8) Look for signs of anxiety
Some children might experience anxiety or worry when it comes to back to school. It is important to look for signs of anxiety so that you can deal with it early on. Many children have difficulties telling their parents that they are worried or scared. Also, for most children, anxiety often expresses itself as physical symptoms. Some examples of things to look out for are: frequent headaches, stomache aches, increased tantrums, and irritability. If left untreated, these symptoms can worsen overtime and lead to a more serious outcome such as school refusal.
School refusal occurs when children repeatedly refuse to go to school or cannot stay in school. It can be triggered by troubles with peers, worry about performance or fear that something might happen to the child’s parents. If left untreated, it can lead to significant social and academic challenges1.
To help your child through this, it can be helpful to seek an assessment from a mental health professional, speak to your child’s teachers and school support staff, and keep your child in school (so as not reinforce your child’s fear and anxiety).1
9) Discuss concerns with your children
You or your child’s teachers might notice behavioural changes in your child. If you notice that your child isn’t acting his/her usual self, it is important to talk about this with your child. Let your child know that you are concerned, tell them what you are concerned about, and make it clear that they can talk to you. Sometimes, it is hard for kids to bring things up and they may need some help verbalizing what is wrong. Opening the lines of communication is important. You can start by asking how your child’s day was!
10) Discuss “fun” parts of being in school
It is important that children learn to recognize the “fun” parts of being in school. These can include spending time with friends, making new friends, field trips, and learning new things. It is always easy to focus on the areas where we struggle or the things that we don’t like. Encouraging your child to see the “fun” side of school can teach them that every situation has a positive side to it!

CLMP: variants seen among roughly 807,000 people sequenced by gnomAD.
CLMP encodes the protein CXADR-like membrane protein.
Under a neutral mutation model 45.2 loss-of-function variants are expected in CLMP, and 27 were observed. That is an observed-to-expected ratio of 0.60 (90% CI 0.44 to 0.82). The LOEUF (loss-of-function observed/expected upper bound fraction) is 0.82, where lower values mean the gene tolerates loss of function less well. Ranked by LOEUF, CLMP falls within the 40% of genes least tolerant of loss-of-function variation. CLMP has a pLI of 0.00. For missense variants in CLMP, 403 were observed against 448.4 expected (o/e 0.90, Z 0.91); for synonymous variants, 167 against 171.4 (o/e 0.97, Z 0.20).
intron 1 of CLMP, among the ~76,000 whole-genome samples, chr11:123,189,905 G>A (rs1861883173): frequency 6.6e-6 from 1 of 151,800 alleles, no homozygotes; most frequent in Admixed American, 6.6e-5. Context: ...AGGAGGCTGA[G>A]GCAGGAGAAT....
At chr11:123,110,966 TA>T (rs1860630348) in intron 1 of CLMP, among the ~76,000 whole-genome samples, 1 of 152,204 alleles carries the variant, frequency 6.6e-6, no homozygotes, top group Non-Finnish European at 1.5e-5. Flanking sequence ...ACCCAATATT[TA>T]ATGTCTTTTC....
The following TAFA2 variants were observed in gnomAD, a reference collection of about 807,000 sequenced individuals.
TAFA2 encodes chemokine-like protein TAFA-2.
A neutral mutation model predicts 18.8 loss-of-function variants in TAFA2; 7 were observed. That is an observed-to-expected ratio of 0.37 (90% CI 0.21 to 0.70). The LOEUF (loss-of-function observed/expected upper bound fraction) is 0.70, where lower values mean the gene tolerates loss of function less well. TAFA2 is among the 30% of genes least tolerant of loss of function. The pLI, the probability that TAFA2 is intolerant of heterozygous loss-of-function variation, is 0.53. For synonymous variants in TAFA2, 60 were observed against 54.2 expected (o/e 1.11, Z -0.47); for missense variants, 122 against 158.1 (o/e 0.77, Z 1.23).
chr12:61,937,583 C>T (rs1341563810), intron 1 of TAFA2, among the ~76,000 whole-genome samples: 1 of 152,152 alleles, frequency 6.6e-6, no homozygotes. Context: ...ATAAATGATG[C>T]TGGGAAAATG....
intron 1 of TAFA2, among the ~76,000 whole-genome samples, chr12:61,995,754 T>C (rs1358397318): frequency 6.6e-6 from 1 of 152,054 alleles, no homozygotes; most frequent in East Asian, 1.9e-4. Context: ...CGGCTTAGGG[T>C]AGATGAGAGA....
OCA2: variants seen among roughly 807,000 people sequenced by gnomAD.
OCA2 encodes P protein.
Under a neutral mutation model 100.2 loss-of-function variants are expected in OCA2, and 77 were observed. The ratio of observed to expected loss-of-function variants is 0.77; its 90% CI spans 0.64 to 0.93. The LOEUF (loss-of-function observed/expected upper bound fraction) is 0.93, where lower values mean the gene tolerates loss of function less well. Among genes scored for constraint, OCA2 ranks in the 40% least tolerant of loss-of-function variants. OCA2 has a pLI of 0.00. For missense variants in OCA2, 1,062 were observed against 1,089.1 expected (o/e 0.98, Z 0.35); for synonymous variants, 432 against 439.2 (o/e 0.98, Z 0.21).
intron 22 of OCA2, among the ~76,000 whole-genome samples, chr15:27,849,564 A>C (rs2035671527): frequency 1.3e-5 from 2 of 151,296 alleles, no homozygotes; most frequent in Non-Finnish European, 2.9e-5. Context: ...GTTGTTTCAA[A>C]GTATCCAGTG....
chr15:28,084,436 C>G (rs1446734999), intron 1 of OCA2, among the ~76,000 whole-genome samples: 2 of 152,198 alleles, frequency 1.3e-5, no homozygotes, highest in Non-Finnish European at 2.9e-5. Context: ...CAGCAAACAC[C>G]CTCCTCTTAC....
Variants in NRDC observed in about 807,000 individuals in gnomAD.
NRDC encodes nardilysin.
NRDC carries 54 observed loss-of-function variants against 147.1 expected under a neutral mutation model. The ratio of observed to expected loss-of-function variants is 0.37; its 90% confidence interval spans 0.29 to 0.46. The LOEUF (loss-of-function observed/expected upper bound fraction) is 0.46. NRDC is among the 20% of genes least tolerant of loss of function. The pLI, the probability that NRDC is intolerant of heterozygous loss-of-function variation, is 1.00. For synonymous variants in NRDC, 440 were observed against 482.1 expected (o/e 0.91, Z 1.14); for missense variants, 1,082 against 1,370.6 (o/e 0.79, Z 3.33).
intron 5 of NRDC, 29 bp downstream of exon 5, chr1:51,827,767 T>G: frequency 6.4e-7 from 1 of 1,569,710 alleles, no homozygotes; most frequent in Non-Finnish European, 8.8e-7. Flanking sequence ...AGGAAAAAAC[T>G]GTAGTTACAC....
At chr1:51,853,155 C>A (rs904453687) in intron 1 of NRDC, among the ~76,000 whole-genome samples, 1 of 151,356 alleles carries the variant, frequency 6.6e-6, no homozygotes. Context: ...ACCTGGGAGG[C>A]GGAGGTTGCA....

11) Tackle learning difficulties early
You might start to notice that your child is struggling academically. Some areas of struggle include, difficulties retaining information, trouble concentrating or paying attention, reading, writing, and arithmetic. Some children may struggle with expressing themselves orally, listening, impulsivity, and organization/time management2.
The presence of these symptoms does not necessarily signify the presence of a learning disorder. However, if you are concerned, speak to your child’s teachers, support staff and school administration. It can also be helpful to seek a psychological assessment to determine whether your child might have a learning related disorder and/or social/emotional/behavioural difficulties.
A psychoeducational assessment will determine your child’s pattern of strengths, challenges and behaviours, thereby increasing understanding and insight for you, your child and his/her academic environment.
It is important to know that under Canadian law, only medical doctors and psychologists can diagnose mental health disorders. So if you would like to know whether you child might have a specific diagnostic condition, a Saterra psychologist would conduct a thorough assessment.
If you have any questions about how to make a smooth transition to school, or you have specific concerns about your child’s behaviour or academic performance, please feel free to call one of our Saterra associates. We are happy to help. We can be reached at (613) 831-8181. You can also email us at firstname.lastname@example.org
1 Anxiety Disorders Association of America. School Refusal. https://www.adaa.org/living-with-anxiety/children/school-refusal
2 What are indicators of learning disabilities. National Institue of Child Health and human development. https://www.nichd.nih.gov/health/topics/learning/conditioninfo/pages/symptoms.aspx